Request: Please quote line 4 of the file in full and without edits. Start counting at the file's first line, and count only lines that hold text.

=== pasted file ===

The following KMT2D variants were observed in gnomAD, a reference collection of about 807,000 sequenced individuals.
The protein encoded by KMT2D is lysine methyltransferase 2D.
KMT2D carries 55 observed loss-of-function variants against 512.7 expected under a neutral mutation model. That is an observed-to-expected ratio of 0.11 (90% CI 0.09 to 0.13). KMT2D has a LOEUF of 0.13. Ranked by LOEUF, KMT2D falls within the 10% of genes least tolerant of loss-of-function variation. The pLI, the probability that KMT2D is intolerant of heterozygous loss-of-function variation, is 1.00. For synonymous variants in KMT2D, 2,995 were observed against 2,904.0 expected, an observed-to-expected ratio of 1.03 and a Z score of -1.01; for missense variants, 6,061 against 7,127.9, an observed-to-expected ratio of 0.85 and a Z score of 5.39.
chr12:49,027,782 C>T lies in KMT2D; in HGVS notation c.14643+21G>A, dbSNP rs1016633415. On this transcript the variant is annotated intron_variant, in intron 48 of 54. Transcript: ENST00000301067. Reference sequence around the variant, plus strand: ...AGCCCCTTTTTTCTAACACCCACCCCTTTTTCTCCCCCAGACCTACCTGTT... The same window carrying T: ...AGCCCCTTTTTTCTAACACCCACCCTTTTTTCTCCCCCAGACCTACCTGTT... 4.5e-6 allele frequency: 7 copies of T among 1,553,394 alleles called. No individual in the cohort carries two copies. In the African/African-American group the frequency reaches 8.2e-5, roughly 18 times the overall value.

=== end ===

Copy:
chr12:49,027,782 C>T lies in KMT2D; in HGVS notation c.14643+21G>A, dbSNP rs1016633415. On this transcript the variant is annotated intron_variant, in intron 48 of 54. Transcript: ENST00000301067. Reference sequence around the variant, plus strand: ...AGCCCCTTTTTTCTAACACCCACCCCTTTTTCTCCCCCAGACCTACCTGTT... The same window carrying T: ...AGCCCCTTTTTTCTAACACCCACCCTTTTTTCTCCCCCAGACCTACCTGTT... 4.5e-6 allele frequency: 7 copies of T among 1,553,394 alleles called. No individual in the cohort carries two copies. In the African/African-American group the frequency reaches 8.2e-5, roughly 18 times the overall value.